I don’t know about you, but I just love our American method of measuring ingredients in handy plastic cups – it’s so convenient.

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And sure, there are a great many recipes drawn up this way, but sadly this is not always the case. Especially if you want to try recipes of more foreign cuisine.

For example, in Europe and in the UK, they don’t use the cup system at all, and instead of defining the ingredients in terms of volume, the ingredients are instead defined in terms of their weight.

A recipe for hand made bread, for example, may rather than say how many cups of flour are required, they will instead say what weight of flour is required.

For that reason, it can come in very handy to know things like how many cups of flour are in a pound, which is the focus of this article.

And, believe me, I would love to tell you that there’s a quick and easy answer I can give you. But the truth is that different types of flour have different weights per cup because some are heavier than others.

And this in turn means that how many cups of flour are in a pound depends entirely on the type of flour being used.

But don’t worry, this article is going to tell you everything you need to know, so you know exactly how much flour to buy or order for your recipe, regardless of what type of flour you’re going to use.

We’re going to cover how many cups you need for 11 different types of flour as follows:

**1. **White all-purpose flour

**2. **Pastry flour

**3. **Cake flour

**4. **Whole wheat flour

**5. **Self-rising flour

**6. **Sifted bread flour

**7. **Type 00 (AKA Durum) flour

**8. **Semolina flour

**9. **Rye flour

**10. **Barley flour

**11. **Coconut flour

We’ll also throw in how to calculate the number of cups of flour in a pound.

And without further ado, let’s get straight to it!

Let’s begin with all-purpose flour, given it is the type that’s most frequently used…

**How Many Cups Of Flour In A Pound Of White All-Purpose Flour?**

If your recipe calls for 1 pound of all-purpose flour, then you will need to use 3 ⅓-sized cups.

**How Many Cups Of Flour In A Pound Of Pastry Flour?**

If your recipe calls for 1 pound of pastry flour, then you will need to use 4 ¼-size cups.

**How Many Cups Of Flour In A Pound Of Cake Flour?**

If your recipe calls for 1 pound of cake flour, then you will need to use 4 ½-size cups.

**How Many Cups Of Flour In A Pound Of Whole Wheat Flour?**

If your recipe calls for 1 pound of cake flour, then you will need to use 3 1/3-size cups.

**How Many Cups Of Flour In A Pound Of Self-Rising Flour?**

If your recipe calls for 1 pound of self-rising flour, then you will need to use 7 ⅓-size cups.

**How Many Cups Of Flour In A Pound Of Sifted Bread Flour?**

If your recipe calls for 1 pound of self-rising flour, then you will need to use 4 cups.

**How Many Cups Of Flour In A Pound Of Type 00 Flour?**

If your recipe calls for 1 pound of Type 00 flour, then you will need to use 3 cups and 1 ½-size cup.

**How Many Cups Of Flour In A Pound Of Semolina Flour?**

If your recipe calls for 1 pound of semolina flour, then you will need to use 5 ¾-size cups.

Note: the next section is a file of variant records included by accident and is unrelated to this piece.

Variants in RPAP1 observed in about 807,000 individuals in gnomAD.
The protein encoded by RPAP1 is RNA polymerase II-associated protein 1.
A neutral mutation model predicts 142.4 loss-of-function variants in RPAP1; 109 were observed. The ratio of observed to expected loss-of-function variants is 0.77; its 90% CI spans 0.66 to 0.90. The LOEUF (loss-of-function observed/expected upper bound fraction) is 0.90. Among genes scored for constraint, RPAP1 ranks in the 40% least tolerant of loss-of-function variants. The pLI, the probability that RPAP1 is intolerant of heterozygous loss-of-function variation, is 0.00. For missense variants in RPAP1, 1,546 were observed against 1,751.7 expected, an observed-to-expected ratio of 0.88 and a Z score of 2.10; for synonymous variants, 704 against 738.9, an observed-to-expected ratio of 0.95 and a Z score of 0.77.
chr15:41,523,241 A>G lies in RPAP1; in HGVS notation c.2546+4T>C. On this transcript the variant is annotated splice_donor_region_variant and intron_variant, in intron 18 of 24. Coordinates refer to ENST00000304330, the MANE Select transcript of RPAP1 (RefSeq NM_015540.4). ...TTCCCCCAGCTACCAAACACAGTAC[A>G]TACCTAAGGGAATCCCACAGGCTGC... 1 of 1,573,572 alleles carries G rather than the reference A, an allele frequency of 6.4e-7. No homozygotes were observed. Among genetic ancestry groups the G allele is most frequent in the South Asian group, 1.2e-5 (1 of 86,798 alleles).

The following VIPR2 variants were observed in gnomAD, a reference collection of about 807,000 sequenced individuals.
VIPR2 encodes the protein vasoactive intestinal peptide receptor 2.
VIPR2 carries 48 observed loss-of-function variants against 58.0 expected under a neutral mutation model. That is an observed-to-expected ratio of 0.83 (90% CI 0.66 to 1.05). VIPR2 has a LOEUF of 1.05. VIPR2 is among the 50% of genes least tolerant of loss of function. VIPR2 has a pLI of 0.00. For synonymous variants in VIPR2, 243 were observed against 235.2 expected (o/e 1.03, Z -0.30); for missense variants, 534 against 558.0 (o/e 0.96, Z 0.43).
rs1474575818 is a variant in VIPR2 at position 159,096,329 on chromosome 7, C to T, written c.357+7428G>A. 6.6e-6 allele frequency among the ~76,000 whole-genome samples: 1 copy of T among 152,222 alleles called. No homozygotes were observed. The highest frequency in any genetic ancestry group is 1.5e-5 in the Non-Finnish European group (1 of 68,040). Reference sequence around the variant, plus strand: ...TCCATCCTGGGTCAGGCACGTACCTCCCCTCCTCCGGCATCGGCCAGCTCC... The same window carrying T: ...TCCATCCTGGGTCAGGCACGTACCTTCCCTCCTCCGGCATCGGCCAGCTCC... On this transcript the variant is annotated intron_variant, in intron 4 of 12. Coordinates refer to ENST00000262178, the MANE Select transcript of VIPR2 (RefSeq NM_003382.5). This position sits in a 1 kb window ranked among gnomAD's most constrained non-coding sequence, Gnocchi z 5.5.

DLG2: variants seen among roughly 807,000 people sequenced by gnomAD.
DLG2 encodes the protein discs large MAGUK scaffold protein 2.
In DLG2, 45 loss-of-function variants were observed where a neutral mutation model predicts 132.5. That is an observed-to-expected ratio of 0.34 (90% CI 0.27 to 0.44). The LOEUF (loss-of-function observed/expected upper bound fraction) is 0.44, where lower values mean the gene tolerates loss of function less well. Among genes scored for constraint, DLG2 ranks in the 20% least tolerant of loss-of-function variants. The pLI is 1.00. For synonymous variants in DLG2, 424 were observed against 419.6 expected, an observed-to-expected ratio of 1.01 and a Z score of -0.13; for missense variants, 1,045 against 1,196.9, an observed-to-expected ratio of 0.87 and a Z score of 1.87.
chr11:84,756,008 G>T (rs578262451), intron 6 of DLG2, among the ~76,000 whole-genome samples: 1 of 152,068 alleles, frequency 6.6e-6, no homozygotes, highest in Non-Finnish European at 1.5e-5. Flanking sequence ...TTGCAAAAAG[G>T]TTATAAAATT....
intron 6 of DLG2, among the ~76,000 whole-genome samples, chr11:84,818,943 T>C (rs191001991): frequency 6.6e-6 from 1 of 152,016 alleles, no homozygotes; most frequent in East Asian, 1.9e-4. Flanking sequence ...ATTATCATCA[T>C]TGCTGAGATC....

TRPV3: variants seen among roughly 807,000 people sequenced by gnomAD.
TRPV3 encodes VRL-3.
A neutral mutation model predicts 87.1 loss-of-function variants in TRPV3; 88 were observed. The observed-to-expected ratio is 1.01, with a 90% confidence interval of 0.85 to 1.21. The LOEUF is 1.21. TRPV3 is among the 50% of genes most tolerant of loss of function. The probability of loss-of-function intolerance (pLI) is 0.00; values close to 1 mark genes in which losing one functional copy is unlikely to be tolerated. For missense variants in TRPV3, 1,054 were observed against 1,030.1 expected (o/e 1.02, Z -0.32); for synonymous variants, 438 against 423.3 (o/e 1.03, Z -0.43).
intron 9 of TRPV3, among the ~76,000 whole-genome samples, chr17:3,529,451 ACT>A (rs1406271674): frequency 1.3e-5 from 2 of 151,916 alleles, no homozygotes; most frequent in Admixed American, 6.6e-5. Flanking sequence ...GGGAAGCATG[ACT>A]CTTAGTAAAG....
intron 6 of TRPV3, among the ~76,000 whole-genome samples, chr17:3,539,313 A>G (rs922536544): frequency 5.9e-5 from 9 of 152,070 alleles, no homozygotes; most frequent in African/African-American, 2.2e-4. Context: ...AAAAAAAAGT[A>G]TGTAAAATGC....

**How Many Cups Of Flour In A Pound Of Rye Flour?**

If your recipe calls for 1 pound of rye flour, then you will need to use 4 cups.

**How Many Cups Of Flour In A Pound Of Barley Flour?**

If your recipe calls for 1 pound of barley flour, then you will need to use 3 ups.

**How Many Cups Of Flour In A Pound Of Coconut Flour?**

If your recipe calls for 1 pound of high gluten flour, then you will need to use 4 cups.

**Doing The Math**

Another way to work out how much flour is required in cups for a particular recipe is by calculating the corresponding equation, which goes as follows…

The flour in cups is usually approximately equal to the flour in pounds multiplied by 3.628739.

Or in other words, through the magic of algebra, the number of cups of flour in a pound is approximately 0.27 cups. Expressed as a fraction, this comes to between a quarter and a third of a cup.

So, if you were to use this equation for a recipe that requires 5 pounds of flour, then all you’d have to do is multiply 3.628739 by 5, which gives you 18.143695 cups. This is less than a quarter cup but more than an eighth of a cup.

**Factors That Affect The Number Of Cups**

At this point, it is important to note that, in addition to the type of flour being used, the number of cups in a pound of flour can also be affected by whether or not the flour has already been sifted…

As a general rule, flour that has been put through a sieve will be lighter than flour that has not been sieved. And this means that you will need more cups of flour to make one pound.

**Wrap Up**

I sure hope this article has provided a handy guide that you’ll return to again and again, and that it has helped you with your recipe, and that it will continue to help you as you move on to try further recipes.

And you may do well to remember that there’s no law saying that you have to measure your flour in cups anyways…

You can buy a dedicated weighing scale for ingredients in the supermarket or online for a very reasonable price, and this can save you from doing any real math other than measuring and ensuring that you have enough ingredients for each dinner guest.

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